Hi ho, Hi ho
It’s far away we go
To a land that’s far across the sea

Hey hey, Hey hey
For a little while we’ll stay
And be home in time for tea

Set sail, set sail
In sunshine or in gale
The fun we’ll have will be really grand

Hurrah, hurrah
Follow the shining star
And come with us to Adventure Island!

Adventure Island was a popular Australian television series for children which screened on the ABC from September 11, 1967 to December 22, 1972 (repeats of the 1969-1972 episodes ran from 1973-1976). The show typically aired from Monday to Friday and each story would stretch across a full week, reaching a resolution on Friday.

Adventure Island was a joint production of Godfrey Productions and the Australian Broadcasting Commission, pre-recorded on videotape at the ABC’s studios in Ripponlea, Melbourne. Production was usually five weeks ahead of broadcast. It was a pantomime-style series set in the kingdom of Diddley-Dum-Diddley. Hostesses were Nancy Cato (not the noted author) from 1967 to 1968 (her final pre-recorded episodes aired at the beginning of 1969) and Sue Donovan from 1969 to 1972.

Regular characters included:

Liza (Liz Harris)
Clown (John-Michael Howson),
Mrs Flower Potts (Brian Crossley),
Percy Panda (Jack Manuel),
Dodo Panda (1967-1969) (Marion Edward),
Betty Bruin (Carole Walker),
Jim (James Smilie).
Baddies including Fester Fumble (Ernie Bourne), Miser Meanie (Colin McEwan (1967-1968), Robert Essex (1969-1972), Captain Crook (Ernie Bourne), Giggles Goblin (Peter Homewood) and Squire Squeezum (Burt Cooper).
Other characters were played by guest artists such as Vivean Gray (playing Mother Sparkle, who became Mother Tinkle – more famously Mrs Jessup in The Sullivans and Mrs Mangle in Neighbours), Patsy King, Brian Hannan, Frank Rich, Mary Hardy, Angela O’Toole and Lindsay Edwards.

Executive producer Godfrey Philipp had studied television abroad and his main influence in the format of Adventure Island had been The Mickey Mouse Club, with its part-ad lib, part-scripted presentation. Godfrey, together with Nancy Cato, John-Michael Howson and Liz Harris were involved in a similar fantasy-drama program called The Magic Circle Club which screened on ATV0 from 1965 to 1967. When the channel axed the show after 555 episodes for cost reasons in July 1967, the ABC expressed interest in continuing production of the show, however this was nixed by Austarama Television’s refusal to relinquish the rights, so a lookalike programme was devised. Creation of Adventure Island was credited to Howson and Philipp, although it is believed Howson invented the entire setting and characters during a short aeroplane trip in mid-1967. He certainly wrote most of the scripts, with others contributed by Peter Homewood. Howson also wrote four storybooks based on the show.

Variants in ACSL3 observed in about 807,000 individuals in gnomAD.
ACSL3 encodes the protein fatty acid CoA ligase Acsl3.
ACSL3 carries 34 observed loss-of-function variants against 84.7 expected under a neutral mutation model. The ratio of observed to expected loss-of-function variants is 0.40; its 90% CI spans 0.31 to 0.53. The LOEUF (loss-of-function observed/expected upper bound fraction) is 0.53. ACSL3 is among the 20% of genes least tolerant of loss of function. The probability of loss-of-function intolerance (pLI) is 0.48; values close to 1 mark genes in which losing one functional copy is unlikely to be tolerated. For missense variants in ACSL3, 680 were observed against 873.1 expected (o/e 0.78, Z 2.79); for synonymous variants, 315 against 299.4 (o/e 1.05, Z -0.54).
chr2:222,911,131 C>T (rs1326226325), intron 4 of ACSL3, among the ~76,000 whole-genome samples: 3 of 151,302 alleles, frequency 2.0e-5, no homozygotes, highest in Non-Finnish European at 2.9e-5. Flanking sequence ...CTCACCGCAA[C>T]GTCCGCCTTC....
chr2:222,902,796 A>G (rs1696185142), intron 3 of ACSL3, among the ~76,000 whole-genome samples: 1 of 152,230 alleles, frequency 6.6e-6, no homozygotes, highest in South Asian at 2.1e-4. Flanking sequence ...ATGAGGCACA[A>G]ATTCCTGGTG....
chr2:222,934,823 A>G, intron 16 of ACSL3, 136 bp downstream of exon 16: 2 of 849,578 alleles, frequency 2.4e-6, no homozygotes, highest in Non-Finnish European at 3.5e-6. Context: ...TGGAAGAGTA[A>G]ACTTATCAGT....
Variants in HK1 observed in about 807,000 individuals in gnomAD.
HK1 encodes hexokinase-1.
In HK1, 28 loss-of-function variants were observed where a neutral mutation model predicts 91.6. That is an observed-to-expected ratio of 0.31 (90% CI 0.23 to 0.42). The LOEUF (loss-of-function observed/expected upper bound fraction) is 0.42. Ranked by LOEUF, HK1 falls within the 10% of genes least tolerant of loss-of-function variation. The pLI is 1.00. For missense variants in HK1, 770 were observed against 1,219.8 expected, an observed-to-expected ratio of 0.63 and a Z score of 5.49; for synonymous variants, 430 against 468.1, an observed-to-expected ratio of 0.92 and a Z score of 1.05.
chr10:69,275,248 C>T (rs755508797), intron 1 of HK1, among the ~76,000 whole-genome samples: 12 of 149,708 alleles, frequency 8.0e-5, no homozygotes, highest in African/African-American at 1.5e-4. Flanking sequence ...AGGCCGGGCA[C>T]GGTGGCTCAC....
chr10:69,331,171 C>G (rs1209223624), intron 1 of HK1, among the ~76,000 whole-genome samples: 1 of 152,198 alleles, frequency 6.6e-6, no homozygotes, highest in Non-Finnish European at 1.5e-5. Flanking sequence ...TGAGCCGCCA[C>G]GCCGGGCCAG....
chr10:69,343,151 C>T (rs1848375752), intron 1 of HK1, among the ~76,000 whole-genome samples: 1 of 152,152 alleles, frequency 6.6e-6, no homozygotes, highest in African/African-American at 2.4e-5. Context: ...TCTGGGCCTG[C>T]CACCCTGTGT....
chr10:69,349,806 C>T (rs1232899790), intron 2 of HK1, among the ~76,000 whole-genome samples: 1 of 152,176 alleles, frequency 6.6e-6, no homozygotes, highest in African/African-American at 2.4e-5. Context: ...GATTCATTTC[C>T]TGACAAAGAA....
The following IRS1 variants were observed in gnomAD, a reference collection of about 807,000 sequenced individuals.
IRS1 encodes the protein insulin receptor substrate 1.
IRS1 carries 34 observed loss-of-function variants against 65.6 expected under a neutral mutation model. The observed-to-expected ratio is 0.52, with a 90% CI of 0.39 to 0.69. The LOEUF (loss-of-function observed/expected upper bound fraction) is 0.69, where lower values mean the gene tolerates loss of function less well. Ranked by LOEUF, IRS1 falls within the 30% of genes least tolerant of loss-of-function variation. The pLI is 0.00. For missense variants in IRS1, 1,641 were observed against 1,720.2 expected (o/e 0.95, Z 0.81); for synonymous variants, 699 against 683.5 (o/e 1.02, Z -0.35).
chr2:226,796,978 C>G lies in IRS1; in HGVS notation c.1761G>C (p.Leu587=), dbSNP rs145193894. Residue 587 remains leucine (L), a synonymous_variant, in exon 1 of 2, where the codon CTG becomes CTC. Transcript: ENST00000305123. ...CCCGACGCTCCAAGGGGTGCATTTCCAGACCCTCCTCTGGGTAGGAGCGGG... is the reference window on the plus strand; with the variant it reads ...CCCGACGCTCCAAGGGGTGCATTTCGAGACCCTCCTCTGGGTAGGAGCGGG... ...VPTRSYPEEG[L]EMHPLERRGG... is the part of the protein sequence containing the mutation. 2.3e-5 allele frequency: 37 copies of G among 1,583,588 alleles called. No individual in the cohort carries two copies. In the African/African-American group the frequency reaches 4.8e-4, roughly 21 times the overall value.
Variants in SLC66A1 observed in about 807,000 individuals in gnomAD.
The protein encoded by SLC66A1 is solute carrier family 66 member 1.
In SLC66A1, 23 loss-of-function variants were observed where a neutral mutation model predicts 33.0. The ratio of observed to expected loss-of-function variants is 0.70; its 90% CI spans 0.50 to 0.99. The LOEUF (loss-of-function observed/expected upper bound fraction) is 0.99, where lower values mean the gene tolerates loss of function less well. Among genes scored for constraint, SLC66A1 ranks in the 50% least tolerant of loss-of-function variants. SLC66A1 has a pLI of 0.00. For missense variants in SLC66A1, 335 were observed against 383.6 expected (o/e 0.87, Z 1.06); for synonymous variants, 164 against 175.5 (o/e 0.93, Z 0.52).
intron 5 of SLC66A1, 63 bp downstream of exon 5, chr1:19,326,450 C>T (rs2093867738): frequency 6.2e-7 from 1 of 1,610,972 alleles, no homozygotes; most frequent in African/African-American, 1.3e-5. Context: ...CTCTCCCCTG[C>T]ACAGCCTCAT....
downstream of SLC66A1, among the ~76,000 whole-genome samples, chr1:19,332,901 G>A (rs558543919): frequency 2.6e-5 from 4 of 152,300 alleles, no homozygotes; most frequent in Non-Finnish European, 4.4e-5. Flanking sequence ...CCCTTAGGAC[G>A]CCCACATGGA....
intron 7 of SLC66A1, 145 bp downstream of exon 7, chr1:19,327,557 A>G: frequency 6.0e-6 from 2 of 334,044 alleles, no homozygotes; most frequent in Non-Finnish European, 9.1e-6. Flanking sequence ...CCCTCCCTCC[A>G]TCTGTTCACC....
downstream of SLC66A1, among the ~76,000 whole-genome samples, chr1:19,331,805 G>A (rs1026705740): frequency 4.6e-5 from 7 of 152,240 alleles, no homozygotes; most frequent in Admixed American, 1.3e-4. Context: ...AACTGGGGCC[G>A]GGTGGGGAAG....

During the Nancy Cato era, Nancy would open the show from an enchanted wood where she would first banter with puppets Gussie Galah (Colin McEwan), Crispian Cockatoo (Ernie Bourne) and Matilda Mouse (Marion Edward). Nancy would then start reading from the Adventure Island book – the story then being played out for viewers by the actual characters. At the conclusion of the chapter, Nancy would talk to a cat puppet (Ernie Bourne) which was named Samson in a viewer competition early in the show’s run. All the show’s puppets were superbly constructed by Axel Axelrad.